By Margaret Tra
Source: Safe To Work
Environmental services specialist Veolia has taken its safety
training a step further, with a program that takes a behavioural approach
to safety and empowers its staff.
The company implemented a program from People & Quality Solutions
(PaQS), a training and coaching organisation that specialises in the unique
areas of personal performance and development. Its programs aim to make
constructive attitude and behavioural change towards safety.
Veolia employs about 450 people in WA. During its training sessions, PaQS'
safety psychologists trained company representatives as safety coaches, who
then return to their organisations to implement specialised safety
According to Veolia's WA training & development manager, Nathan Simms,
the company focuses on each individual staff member being responsible for
"Our company focuses heavily on safety and we have the correct systems in
place, but we also want to build safety awareness from the top down and the
bottom up. That's why we like the coaching process that PaQS uses.
Participants play an active role and see how they contribute to the bigger
picture. It shows them that everyone is responsible for safety," said
There are currently four Veolia people going through this coaching process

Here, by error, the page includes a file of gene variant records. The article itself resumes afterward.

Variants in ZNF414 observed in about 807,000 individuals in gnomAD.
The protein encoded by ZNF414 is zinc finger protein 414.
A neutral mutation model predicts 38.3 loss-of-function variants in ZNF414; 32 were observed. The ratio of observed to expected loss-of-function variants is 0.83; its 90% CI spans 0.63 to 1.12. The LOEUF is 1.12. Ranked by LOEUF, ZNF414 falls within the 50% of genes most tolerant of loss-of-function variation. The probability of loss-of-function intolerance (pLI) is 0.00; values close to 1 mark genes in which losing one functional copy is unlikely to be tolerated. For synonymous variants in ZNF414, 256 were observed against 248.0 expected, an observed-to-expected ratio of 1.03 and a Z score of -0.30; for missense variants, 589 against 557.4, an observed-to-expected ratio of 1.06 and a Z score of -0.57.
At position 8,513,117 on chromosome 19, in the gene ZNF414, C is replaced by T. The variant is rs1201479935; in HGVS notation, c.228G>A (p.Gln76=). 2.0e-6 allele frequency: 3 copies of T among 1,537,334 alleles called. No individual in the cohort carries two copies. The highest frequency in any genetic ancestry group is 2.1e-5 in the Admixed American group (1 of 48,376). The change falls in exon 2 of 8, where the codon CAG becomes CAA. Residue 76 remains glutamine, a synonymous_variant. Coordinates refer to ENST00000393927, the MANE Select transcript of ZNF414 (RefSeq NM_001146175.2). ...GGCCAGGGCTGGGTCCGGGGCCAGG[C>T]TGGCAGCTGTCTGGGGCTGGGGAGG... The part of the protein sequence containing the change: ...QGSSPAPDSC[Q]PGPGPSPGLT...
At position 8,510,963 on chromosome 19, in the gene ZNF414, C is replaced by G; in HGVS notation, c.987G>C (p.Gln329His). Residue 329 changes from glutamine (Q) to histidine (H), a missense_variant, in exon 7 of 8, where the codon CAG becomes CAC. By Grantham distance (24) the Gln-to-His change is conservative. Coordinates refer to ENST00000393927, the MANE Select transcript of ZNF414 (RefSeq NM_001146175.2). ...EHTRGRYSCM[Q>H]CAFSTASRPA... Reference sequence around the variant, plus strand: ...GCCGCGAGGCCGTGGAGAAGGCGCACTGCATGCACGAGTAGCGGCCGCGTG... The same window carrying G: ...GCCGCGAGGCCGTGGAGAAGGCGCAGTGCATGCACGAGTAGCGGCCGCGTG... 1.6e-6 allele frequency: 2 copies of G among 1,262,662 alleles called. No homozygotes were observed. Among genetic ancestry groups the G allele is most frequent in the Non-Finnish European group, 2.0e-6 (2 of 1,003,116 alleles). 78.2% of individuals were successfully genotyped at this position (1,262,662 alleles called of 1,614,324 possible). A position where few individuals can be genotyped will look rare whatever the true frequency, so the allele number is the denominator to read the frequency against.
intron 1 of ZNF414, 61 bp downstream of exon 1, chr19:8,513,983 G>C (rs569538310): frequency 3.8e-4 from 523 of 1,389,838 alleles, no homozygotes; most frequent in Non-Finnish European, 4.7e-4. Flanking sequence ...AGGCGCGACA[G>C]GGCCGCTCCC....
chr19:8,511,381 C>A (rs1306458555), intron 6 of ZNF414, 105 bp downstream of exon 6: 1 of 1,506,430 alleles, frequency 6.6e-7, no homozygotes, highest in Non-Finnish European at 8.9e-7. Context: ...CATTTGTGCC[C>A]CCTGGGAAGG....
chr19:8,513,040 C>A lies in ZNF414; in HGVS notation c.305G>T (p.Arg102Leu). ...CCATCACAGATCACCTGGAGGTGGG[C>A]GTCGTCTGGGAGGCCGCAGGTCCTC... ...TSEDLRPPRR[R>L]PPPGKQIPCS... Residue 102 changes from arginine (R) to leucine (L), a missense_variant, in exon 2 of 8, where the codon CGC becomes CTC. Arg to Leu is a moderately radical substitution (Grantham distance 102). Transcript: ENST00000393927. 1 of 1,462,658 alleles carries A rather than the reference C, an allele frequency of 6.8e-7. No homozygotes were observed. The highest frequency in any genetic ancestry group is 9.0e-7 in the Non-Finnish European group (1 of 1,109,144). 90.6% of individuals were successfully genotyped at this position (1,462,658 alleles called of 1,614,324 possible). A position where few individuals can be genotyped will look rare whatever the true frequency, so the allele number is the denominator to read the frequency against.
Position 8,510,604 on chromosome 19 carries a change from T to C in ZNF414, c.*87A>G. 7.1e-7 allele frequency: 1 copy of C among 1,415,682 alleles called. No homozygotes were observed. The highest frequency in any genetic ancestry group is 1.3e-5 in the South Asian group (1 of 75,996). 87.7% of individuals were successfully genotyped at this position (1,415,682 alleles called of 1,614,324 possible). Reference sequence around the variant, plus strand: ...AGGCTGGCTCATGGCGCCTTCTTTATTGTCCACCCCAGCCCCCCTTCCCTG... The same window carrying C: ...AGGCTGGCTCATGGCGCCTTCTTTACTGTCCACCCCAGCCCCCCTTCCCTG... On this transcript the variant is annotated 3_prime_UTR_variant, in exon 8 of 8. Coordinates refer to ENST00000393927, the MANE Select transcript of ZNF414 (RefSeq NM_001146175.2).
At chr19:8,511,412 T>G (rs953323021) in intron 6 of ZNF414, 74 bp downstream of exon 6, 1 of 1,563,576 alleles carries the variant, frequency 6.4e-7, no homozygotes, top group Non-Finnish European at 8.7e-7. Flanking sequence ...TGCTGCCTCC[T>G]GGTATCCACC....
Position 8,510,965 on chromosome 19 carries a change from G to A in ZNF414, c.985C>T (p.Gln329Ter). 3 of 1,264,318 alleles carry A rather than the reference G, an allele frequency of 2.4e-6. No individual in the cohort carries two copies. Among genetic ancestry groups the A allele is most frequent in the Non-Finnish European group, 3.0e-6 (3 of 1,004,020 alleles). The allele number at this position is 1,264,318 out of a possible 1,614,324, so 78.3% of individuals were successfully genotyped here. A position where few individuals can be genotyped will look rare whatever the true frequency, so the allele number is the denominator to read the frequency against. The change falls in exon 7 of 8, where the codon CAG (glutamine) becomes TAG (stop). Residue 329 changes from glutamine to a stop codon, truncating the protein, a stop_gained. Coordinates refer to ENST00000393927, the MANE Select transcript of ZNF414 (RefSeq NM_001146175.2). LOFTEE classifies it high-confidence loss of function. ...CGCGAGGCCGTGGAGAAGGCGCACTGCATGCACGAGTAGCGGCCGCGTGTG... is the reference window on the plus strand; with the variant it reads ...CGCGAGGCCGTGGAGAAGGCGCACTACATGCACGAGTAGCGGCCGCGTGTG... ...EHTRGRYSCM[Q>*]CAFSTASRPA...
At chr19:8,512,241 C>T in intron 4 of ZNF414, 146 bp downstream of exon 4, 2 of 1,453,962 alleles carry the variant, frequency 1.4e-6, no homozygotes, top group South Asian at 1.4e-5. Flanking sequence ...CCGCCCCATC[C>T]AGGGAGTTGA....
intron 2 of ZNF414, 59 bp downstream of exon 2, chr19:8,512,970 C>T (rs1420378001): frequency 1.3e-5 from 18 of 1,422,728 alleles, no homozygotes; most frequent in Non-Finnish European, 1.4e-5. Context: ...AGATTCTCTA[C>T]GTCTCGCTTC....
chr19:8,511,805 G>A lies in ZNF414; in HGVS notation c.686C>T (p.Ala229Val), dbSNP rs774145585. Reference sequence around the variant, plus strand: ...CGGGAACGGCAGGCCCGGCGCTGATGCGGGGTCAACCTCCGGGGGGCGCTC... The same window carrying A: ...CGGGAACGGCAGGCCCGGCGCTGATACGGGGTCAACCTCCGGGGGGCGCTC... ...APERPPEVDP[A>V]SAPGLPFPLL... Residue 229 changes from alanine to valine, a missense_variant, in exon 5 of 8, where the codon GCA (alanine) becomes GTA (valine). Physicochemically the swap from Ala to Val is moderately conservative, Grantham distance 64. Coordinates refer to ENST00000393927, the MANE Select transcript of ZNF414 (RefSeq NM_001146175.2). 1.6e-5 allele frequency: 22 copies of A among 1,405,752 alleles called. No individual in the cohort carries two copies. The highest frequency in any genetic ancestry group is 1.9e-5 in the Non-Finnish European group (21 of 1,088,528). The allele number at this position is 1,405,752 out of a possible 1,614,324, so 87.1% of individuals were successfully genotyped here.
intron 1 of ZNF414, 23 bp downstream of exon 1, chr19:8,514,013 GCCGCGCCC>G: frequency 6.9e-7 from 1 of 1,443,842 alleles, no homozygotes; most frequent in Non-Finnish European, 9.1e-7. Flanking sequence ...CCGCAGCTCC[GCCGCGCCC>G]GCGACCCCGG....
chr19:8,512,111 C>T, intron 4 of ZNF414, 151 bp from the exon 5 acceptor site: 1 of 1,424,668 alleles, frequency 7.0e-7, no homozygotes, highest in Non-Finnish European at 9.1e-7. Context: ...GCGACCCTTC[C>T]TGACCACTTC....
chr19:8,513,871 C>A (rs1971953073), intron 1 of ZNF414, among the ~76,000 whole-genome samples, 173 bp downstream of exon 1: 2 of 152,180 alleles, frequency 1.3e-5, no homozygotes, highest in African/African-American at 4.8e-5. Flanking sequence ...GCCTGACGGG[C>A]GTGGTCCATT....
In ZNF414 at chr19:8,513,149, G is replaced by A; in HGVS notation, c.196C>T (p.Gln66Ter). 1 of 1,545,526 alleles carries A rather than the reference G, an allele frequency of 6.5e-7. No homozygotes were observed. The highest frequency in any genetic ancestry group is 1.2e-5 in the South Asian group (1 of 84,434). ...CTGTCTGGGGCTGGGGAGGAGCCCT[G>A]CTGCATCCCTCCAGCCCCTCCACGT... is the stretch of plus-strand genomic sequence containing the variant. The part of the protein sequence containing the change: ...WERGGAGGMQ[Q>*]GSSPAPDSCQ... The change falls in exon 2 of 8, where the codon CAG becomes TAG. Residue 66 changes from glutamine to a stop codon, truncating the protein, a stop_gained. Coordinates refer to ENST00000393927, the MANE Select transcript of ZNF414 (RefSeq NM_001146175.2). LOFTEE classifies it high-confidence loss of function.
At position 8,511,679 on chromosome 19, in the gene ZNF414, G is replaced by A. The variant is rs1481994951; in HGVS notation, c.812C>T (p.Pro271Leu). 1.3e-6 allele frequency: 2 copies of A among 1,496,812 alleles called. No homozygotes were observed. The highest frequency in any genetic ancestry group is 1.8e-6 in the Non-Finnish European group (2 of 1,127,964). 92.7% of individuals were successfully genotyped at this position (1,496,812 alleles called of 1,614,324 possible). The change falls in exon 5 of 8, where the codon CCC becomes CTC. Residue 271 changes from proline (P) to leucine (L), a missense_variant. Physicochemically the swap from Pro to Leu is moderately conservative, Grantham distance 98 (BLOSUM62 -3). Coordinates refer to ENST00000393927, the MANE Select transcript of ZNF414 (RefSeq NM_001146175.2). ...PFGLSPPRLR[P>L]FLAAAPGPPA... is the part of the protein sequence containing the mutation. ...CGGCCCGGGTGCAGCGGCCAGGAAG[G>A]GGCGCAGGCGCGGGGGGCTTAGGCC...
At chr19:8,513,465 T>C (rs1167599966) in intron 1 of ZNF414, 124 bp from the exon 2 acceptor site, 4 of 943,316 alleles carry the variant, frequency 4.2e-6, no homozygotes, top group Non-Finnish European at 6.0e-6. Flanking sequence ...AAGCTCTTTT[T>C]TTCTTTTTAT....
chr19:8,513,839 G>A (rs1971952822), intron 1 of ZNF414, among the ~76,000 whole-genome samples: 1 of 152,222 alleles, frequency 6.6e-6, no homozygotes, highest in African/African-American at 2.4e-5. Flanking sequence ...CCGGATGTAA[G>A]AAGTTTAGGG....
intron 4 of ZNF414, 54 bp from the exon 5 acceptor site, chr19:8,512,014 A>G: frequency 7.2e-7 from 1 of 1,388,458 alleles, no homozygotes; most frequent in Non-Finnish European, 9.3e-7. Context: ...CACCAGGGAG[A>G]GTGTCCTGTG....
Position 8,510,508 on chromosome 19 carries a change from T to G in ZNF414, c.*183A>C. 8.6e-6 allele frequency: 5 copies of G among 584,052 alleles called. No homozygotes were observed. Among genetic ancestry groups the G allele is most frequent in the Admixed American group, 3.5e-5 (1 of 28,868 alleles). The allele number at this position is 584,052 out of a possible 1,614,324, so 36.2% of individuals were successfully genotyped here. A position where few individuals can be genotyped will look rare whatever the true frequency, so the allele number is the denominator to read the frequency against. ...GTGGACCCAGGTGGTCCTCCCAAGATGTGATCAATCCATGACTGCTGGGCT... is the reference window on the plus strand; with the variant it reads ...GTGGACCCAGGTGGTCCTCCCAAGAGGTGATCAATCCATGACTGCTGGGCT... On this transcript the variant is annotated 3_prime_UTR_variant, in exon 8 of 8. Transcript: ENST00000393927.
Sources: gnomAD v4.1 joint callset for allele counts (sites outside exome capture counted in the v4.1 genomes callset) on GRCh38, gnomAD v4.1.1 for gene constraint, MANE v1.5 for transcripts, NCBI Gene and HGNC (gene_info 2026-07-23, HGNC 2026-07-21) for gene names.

whose main roles within the company are as compliance officers or safety
advisors, so the coaching complements this.
Simms said after analysing our incident rates, there is definitely evidence
that they have decreased. We've also seen a much higher awareness of
"Our workforce is spread throughout the state and is a diverse bunch. In
our Geraldton waste division where the participants are from a variety of
backgrounds, the program was very well received." he added.
As a result of its success in Western Australia, other states are now
engaging in the PAQS program.
According to PaQS managing director, Carl Reams, attitudes can change and
that's exactly what his programs do.
"Most attitudes change over time. Even strongly held or deeply ingrained
attitudes can change. You don't have all the same attitudes now as you did
when you were a children or a teenager. Experience and exposure to people
and ideas shape and reinforce beliefs and attitudes. New ideas and
experiences, if presented in the right way, will serve to enhance, develop
or modify existing attitudes," Reams said.
"People will willingly adopt new information, beliefs and attitudes very
quickly when it's presented in the right way for the right reason. If they
can see how it will benefit them individually, they're far more likely to
cooperate," he added.